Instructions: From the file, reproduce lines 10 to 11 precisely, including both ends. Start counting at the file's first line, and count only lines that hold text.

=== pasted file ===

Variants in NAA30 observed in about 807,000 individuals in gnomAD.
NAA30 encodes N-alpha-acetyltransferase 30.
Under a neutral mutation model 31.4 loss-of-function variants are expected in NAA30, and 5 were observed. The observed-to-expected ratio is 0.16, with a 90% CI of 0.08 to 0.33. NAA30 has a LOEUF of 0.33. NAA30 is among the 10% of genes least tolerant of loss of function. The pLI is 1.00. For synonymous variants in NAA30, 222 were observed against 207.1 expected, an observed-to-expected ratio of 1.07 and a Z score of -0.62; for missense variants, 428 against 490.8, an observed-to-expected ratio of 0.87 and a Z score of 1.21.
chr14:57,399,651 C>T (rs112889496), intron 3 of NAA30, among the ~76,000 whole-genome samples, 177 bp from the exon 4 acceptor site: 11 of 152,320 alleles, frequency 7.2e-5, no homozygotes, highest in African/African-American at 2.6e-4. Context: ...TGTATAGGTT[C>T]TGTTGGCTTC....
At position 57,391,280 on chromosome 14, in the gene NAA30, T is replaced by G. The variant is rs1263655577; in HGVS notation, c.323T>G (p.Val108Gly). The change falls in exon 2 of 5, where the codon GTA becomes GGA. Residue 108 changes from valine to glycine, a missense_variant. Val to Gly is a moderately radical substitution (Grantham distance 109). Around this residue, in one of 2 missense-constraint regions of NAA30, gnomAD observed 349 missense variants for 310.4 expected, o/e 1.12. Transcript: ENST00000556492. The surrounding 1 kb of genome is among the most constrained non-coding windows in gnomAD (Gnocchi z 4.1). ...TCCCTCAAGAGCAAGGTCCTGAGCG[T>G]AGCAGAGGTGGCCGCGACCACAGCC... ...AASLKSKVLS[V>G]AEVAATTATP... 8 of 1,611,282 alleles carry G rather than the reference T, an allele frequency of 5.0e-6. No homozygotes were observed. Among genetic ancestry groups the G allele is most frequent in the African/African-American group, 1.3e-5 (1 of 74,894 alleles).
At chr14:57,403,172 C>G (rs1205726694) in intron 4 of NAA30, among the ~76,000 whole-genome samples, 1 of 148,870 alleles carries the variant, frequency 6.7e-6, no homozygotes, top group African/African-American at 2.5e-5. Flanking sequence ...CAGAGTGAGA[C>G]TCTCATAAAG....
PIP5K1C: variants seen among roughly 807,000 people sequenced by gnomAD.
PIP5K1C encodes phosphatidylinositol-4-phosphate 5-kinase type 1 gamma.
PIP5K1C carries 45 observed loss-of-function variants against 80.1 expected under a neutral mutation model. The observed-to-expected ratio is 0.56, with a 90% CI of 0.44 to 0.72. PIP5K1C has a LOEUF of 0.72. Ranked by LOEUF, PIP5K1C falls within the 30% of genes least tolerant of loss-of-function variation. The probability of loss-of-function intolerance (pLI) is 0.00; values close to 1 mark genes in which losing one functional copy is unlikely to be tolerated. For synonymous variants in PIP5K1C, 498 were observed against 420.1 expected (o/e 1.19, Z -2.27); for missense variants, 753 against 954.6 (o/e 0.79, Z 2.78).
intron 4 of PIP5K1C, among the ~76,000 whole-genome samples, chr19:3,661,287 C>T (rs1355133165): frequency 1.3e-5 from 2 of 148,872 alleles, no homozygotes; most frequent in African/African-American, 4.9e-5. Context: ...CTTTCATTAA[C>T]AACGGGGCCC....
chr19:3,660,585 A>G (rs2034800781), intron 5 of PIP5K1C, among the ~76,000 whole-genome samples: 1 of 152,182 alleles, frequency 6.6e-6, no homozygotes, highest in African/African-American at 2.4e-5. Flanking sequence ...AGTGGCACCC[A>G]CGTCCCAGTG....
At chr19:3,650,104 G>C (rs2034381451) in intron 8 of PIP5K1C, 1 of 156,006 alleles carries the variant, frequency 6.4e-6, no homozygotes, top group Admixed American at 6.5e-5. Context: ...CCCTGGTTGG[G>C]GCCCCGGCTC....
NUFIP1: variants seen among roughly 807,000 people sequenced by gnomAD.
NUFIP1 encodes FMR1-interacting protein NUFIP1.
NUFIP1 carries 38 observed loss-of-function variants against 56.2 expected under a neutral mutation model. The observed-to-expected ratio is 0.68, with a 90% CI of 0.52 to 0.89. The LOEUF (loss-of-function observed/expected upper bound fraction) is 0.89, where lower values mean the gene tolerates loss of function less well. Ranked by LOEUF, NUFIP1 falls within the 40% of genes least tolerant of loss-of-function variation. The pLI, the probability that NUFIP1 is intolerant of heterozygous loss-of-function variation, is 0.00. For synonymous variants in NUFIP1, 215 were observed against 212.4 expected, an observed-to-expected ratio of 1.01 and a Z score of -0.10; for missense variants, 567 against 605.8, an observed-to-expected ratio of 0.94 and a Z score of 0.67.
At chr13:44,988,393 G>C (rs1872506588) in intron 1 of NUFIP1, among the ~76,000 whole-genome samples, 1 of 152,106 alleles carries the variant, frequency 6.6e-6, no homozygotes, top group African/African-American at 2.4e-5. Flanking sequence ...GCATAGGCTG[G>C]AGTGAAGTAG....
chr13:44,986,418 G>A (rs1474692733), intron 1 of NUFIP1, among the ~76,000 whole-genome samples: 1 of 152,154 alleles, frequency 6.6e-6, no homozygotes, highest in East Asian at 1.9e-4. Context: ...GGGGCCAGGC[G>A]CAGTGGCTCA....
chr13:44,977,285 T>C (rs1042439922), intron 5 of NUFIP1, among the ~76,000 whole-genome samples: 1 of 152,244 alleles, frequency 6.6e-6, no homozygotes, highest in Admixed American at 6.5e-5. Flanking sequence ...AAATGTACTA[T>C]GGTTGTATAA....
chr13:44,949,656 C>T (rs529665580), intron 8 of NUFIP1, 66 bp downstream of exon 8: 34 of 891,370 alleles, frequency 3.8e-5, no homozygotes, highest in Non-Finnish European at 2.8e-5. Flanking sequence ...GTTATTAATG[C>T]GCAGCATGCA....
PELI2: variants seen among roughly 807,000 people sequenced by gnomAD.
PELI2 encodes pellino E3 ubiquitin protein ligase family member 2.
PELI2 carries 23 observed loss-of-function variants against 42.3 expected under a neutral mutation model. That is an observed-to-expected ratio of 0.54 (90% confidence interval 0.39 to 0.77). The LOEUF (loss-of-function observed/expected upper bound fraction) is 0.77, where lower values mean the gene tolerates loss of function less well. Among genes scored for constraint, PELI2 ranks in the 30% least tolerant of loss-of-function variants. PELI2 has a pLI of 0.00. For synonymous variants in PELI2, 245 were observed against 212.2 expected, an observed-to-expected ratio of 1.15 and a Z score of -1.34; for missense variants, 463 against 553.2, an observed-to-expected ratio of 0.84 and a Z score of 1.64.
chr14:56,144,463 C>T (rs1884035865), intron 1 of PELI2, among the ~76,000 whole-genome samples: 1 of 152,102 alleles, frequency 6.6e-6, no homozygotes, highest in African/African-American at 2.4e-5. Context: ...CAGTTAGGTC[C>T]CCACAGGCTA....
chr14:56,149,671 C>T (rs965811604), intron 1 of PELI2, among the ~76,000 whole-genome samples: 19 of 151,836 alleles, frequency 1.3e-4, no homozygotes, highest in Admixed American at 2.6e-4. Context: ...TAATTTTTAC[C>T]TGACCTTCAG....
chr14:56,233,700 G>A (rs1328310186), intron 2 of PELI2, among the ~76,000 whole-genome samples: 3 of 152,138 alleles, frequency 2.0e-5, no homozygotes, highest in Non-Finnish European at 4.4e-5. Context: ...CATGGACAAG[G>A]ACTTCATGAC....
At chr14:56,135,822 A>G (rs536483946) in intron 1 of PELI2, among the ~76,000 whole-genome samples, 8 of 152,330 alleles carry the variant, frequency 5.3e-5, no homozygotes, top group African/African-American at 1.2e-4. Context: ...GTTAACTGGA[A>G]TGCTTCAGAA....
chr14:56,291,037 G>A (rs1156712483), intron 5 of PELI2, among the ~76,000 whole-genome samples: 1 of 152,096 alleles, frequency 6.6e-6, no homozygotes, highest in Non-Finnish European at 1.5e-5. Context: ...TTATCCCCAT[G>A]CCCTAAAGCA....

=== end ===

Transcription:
intron 4 of PIP5K1C, among the ~76,000 whole-genome samples, chr19:3,661,287 C>T (rs1355133165): frequency 1.3e-5 from 2 of 148,872 alleles, no homozygotes; most frequent in African/African-American, 4.9e-5. Context: ...CTTTCATTAA[C>T]AACGGGGCCC....
chr19:3,660,585 A>G (rs2034800781), intron 5 of PIP5K1C, among the ~76,000 whole-genome samples: 1 of 152,182 alleles, frequency 6.6e-6, no homozygotes, highest in African/African-American at 2.4e-5. Flanking sequence ...AGTGGCACCC[A>G]CGTCCCAGTG....